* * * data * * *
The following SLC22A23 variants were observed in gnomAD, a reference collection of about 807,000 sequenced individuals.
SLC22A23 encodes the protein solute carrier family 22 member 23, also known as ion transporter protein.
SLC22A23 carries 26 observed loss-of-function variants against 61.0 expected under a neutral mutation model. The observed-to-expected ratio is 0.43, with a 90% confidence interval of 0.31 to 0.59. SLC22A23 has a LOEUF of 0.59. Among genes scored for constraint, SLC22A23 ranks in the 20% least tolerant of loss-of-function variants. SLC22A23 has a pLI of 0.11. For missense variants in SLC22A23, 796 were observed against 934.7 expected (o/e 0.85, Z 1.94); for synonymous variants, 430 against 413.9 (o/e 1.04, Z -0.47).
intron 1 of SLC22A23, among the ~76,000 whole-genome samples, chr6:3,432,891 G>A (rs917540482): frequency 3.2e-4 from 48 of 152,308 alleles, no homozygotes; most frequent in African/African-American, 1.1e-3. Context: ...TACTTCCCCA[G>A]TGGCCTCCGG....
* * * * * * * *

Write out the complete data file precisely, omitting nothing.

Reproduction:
The following SLC22A23 variants were observed in gnomAD, a reference collection of about 807,000 sequenced individuals.
SLC22A23 encodes the protein solute carrier family 22 member 23, also known as ion transporter protein.
SLC22A23 carries 26 observed loss-of-function variants against 61.0 expected under a neutral mutation model. The observed-to-expected ratio is 0.43, with a 90% confidence interval of 0.31 to 0.59. SLC22A23 has a LOEUF of 0.59. Among genes scored for constraint, SLC22A23 ranks in the 20% least tolerant of loss-of-function variants. SLC22A23 has a pLI of 0.11. For missense variants in SLC22A23, 796 were observed against 934.7 expected (o/e 0.85, Z 1.94); for synonymous variants, 430 against 413.9 (o/e 1.04, Z -0.47).
intron 1 of SLC22A23, among the ~76,000 whole-genome samples, chr6:3,432,891 G>A (rs917540482): frequency 3.2e-4 from 48 of 152,308 alleles, no homozygotes; most frequent in African/African-American, 1.1e-3. Context: ...TACTTCCCCA[G>A]TGGCCTCCGG....